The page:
Disclosure: PeerSpot contacted the reviewer to collect the review and to validate authenticity. The reviewer was referred by the vendor, but the review is not subject to editing or approval by the vendor.
PeerSpot user
it_user626721 - PeerSpot reviewer
Security Consultant & IT Professional at Sistemas Aplicativos, SISAP
Consultant
Provides load balancing, proxies, and internal proxies

What is most valuable?

The load balancing, proxies, and internal proxies are valuable features. 

What needs improvement?

  • Improvement of the grid look
  • Intuitive UI
  • Syntax 
  • Configuring

What do I think about the stability of the solution?

It is very stable. 

What do I think about the scalability of the solution?

The scalability is really good. You can easily unify many devices at once. ADCs are simple to configure and each device is powerful. We have two engineers managing and monitoring multiple systems and it works well for us. 

How is customer service and technical support?

For the past two and a half years, we have not had a need to open a tech support ticket. It is really stable. In the past, our experience with tech support was that they were extremely helpful. 

How was the initial setup?

The setup depends on certain situations. In certain scenarios, it may be more complex than others. For example, while the initial configuration may be easy, the environment itself may be complex and that may limit the ease of deployment. It is easy for those who understand their environment.

What's my experience with pricing, setup cost, and licensing?

The pricing and licensing are really easy because we bought the hardware and it has all of the license availability. The licensing is embedded in the hardware. We do not have to import any other license. The pricing is a third of the price of the F5 competition.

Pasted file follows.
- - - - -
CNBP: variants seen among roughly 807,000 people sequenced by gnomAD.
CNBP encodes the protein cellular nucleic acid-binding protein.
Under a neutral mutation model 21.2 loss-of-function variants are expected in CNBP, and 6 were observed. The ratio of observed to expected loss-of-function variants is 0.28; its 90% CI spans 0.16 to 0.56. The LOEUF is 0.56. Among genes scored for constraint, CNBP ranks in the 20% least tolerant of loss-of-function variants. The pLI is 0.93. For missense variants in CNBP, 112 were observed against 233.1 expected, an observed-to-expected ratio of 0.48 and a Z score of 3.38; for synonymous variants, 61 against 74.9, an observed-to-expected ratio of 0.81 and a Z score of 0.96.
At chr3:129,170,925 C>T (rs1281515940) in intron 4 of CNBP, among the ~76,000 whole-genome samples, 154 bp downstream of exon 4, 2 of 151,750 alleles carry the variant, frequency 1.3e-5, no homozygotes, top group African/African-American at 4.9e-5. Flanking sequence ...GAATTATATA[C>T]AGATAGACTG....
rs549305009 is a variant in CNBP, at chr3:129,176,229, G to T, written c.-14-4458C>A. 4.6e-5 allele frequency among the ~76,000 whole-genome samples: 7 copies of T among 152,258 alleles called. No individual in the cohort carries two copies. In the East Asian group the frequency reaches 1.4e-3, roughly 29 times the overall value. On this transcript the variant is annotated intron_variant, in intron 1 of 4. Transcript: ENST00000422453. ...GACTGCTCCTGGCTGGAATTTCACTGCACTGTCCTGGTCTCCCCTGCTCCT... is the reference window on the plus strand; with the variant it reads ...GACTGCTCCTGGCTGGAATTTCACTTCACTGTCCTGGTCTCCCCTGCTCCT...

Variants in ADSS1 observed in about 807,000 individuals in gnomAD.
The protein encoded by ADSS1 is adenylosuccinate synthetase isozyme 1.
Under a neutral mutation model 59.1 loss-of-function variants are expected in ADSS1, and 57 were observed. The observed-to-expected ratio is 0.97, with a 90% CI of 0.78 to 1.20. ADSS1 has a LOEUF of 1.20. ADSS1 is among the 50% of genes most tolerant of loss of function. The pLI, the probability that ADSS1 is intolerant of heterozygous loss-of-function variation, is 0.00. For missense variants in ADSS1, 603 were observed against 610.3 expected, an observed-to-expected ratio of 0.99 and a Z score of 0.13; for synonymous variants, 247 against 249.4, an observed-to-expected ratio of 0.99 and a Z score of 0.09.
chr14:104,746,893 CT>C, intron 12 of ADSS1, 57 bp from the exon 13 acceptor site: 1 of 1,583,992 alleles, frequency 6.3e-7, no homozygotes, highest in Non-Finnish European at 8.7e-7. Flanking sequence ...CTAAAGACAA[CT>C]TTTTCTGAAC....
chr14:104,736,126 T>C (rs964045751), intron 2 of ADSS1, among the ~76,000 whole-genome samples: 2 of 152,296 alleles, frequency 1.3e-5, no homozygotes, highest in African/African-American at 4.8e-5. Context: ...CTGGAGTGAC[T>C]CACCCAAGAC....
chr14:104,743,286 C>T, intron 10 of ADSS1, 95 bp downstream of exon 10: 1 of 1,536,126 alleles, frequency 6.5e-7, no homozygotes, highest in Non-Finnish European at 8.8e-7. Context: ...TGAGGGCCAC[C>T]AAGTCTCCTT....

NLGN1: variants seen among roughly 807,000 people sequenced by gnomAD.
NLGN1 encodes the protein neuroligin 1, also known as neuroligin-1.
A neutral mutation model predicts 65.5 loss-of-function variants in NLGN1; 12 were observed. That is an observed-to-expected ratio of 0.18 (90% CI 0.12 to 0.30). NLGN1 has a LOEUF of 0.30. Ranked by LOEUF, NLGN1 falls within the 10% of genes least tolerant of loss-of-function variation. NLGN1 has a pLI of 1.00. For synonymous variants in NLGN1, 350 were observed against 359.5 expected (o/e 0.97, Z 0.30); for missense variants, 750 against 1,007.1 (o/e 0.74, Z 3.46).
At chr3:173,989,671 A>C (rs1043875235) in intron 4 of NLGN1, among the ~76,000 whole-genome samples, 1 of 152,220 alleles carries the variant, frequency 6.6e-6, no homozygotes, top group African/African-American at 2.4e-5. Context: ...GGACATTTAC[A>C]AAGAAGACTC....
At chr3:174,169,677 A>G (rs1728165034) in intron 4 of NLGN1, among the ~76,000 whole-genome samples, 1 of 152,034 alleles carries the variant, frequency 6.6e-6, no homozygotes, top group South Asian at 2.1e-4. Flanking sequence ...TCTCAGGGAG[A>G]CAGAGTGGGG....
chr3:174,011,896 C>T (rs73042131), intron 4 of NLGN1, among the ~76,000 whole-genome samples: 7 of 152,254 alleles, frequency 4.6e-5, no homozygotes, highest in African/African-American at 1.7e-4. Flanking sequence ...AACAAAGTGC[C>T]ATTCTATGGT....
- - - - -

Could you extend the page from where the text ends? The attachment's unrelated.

Which other solutions did I evaluate?

Disclosure: My company has a business relationship with this vendor other than being a customer: I am a reseller.
PeerSpot user
it_user848256 - PeerSpot reviewer
Senior Network Architect at a financial services firm with 10,001+ employees
Real User
Solved our CGNAT performance issues and provides good scalability
Pros and Cons
  • "The Deterministic CGNAT feature is valuable for us."
  • "It scaled well for our numbers, up to 3 million subscribers for our most crowded region but I would like to see the same scalability numbers for the virtualized version as well."

What is our primary use case?

Carrier-grade NAT is the purpose of using A10 Networks Thunder ADC at Turk Telekom Mobile.

How has it helped my organization?

It solved the CGNAT performance issues and, within two years, it had no problems and no outages.

What is most valuable?

The Deterministic CGNAT feature.

What needs improvement?

I would like to see the scalability numbers for the virtualized version which are comparable to those I noted in my answer on "Scalability."

For how long have I used the solution?

One to three years.

What do I think about the stability of the solution?

Every six months we made active-passive changes and upgraded to the latest version of the firmware. But we didn’t have stabiliy issues.

What do I think about the scalability of the solution?

It scaled well for our numbers, up to 3 million subscribers for our most crowded region.

How are customer service and technical support?

Technical support was mostly provided by another company, but A10 also responded our questions on time and accurately.